Opening this weekend:
Jersey Boys—The 2005 Broadway musical, chronicling the rise of Frankie Valli and the Four Seasons, had a contemporary-cinema approach to its staging—short, fast-shifting scenes, driven by music and Scorcese-style narration. Director Clint Eastwood chose instead to make the movie version less of a jukebox musical and more an old-fashioned showbiz biopic. The characters still address the camera directly, but there’s less of a music-montage feel to the flow of the action. This seemed like a mistake to me—compared to the show, the movie feels plodding and flat and cliché-riddled, especially early on.
But it’s pretty enjoyable all the same. The ‘50s, ‘60s and ‘70s-era period detail is fun (though not always strictly accurate), the young actors who play the Seasons—John Lloyd Young, from Broadway, as Valli, Erich Bergen as Bob Gaudio, Michael Lomenda as Nick Massi and, maybe most personable of all, Vincent Piazza as Tommy DeVito—are charming, and Christopher Walken does his Christopher Walken shtick in a built-up role as an avuncular mob boss.
Better still, Eastwood does something that makes up for a multitude of sins: When there’s a song, he treats it as a number. There’s very little talking over the songs, or showing the action progress during the songs. He points the camera at the performers and lets us enjoy their performance. That’s old-fashioned moviemaking at its best.
Supermensch: The Legend of Shep Gordon—To be accurately described as a mensch in the Yiddish sense—a kind and loving family member, a reliable friend, a good neighbor and citizen—is, I would argue, the proper ambition of an adult. Thus the title Supermensch suggests the kind of superhero epic I could really get behind.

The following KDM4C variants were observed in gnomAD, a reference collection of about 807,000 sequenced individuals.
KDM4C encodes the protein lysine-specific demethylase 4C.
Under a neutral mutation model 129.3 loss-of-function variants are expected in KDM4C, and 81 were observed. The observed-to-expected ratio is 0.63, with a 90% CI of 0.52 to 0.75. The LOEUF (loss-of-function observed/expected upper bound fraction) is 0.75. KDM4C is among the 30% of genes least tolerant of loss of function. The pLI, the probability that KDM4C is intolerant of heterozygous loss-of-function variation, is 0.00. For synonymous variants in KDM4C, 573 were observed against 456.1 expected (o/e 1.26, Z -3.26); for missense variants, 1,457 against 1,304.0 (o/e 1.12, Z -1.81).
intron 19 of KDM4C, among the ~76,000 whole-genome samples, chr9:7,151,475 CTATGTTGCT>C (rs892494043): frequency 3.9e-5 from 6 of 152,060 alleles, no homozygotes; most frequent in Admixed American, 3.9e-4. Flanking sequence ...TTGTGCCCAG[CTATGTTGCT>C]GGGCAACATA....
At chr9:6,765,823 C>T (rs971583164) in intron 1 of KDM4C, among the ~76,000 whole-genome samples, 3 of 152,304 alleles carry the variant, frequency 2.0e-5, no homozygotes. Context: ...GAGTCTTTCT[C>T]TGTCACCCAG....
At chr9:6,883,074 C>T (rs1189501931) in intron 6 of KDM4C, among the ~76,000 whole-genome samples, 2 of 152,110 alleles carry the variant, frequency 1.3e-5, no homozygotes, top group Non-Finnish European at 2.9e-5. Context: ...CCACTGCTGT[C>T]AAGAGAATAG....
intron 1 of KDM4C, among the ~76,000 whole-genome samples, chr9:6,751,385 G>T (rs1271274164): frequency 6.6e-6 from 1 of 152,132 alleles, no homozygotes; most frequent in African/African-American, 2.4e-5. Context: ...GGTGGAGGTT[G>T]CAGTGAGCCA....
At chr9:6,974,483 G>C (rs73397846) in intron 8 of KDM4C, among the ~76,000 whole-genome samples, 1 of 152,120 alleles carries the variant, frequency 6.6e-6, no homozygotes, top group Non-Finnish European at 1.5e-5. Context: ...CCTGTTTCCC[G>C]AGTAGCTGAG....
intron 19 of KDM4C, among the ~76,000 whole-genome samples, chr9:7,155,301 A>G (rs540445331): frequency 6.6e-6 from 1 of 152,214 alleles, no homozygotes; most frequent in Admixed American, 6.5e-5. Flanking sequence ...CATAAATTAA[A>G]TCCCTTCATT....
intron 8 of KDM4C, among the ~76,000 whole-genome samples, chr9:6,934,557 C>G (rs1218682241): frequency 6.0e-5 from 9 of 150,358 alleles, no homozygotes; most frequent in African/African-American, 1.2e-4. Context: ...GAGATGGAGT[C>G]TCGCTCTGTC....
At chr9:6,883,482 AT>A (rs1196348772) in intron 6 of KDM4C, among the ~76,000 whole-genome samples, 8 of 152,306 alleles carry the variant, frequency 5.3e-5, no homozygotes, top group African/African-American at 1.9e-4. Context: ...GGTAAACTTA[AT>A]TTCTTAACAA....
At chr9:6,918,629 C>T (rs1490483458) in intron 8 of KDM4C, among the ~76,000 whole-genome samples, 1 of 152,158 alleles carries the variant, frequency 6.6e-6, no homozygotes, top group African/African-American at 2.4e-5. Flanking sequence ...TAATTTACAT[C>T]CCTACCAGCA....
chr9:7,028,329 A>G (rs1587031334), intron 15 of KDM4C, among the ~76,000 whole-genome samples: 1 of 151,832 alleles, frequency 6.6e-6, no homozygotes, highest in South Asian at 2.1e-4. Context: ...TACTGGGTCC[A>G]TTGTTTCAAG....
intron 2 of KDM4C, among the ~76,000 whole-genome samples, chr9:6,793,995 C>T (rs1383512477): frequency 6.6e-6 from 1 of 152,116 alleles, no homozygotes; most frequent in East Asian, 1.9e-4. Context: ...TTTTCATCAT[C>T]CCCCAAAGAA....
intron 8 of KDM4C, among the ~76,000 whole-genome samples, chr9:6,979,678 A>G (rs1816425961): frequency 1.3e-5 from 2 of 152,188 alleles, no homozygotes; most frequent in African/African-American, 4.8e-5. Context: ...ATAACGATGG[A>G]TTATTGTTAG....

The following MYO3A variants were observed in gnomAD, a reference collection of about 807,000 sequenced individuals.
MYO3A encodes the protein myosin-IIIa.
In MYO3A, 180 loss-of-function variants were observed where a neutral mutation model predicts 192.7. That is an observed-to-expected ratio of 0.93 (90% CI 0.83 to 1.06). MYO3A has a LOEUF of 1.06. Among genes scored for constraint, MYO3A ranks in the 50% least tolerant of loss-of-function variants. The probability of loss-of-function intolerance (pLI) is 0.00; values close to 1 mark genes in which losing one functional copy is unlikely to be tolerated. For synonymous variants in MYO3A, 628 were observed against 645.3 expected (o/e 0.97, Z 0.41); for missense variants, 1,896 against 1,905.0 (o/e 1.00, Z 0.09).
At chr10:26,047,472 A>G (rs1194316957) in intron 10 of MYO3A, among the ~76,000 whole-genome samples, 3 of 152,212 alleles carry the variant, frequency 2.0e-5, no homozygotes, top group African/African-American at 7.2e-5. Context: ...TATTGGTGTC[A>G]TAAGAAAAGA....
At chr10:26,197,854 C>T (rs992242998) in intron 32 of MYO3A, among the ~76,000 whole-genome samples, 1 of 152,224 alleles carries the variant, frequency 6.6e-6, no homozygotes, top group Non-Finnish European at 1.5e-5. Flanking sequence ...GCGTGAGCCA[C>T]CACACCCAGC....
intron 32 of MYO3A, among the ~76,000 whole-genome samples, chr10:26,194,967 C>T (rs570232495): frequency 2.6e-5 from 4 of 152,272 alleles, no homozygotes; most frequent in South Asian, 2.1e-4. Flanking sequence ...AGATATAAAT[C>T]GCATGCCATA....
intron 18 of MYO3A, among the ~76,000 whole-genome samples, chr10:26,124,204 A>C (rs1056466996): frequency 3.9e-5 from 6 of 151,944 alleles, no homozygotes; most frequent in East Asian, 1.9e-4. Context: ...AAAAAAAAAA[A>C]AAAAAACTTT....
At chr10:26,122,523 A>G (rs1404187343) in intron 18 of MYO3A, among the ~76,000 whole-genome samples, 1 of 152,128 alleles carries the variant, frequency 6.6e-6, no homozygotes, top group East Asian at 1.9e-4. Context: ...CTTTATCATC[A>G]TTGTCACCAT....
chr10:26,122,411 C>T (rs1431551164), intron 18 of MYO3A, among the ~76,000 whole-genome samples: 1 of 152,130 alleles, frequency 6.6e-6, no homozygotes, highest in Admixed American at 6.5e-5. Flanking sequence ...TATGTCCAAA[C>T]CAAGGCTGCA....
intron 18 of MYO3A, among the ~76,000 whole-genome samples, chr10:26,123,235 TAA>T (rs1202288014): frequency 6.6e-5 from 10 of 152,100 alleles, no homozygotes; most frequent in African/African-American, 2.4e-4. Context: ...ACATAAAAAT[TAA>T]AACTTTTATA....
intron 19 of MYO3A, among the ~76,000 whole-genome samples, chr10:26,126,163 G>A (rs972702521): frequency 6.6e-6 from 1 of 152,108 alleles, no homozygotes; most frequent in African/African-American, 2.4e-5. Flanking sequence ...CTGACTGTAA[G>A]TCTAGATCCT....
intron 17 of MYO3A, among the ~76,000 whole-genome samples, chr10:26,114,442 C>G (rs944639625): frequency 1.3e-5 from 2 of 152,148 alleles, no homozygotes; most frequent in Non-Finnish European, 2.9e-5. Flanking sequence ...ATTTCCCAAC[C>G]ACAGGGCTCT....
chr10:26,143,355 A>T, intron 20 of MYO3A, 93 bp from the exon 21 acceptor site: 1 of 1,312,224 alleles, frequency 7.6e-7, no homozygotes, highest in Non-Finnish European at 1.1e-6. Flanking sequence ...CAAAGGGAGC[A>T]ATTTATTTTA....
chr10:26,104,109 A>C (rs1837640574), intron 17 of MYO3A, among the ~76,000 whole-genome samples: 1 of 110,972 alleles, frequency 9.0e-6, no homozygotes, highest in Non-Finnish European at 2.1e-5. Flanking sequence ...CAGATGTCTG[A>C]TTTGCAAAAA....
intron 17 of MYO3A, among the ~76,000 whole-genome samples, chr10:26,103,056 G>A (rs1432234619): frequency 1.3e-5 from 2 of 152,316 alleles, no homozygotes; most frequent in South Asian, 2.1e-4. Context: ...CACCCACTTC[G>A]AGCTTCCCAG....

But the movie is really the feature directorial debut of Mike Myers, who is also one of the movie’s many big-name showbiz talking heads to gush about the legendary Gordon, a sweet guy from Long Island who managed Alice Cooper, Anne Murray and Teddy Pendergrass, among many, many other stars. Gordon is also frequently credited with popularizing the idea of the celebrity chef.
The documentary traces his brilliant and canny yet (supposedly) scrupulously non-shark-like management style, which has left him a huge corps of famous and non-famous friends. It’s very inside-baseball—I was unfamiliar with Gordon, and I take an interest in such things—but for show-business and ‘70s pop-music aficionados, it’s enormously entertaining. It left me wishing that Gordon would manage my career, or at least let me hang out with him once in a while.
My pal Dewey Webb has finally knuckled under to peer pressure and started a blog; check it out here—his debut post details the anachronisms of Jersey Boys.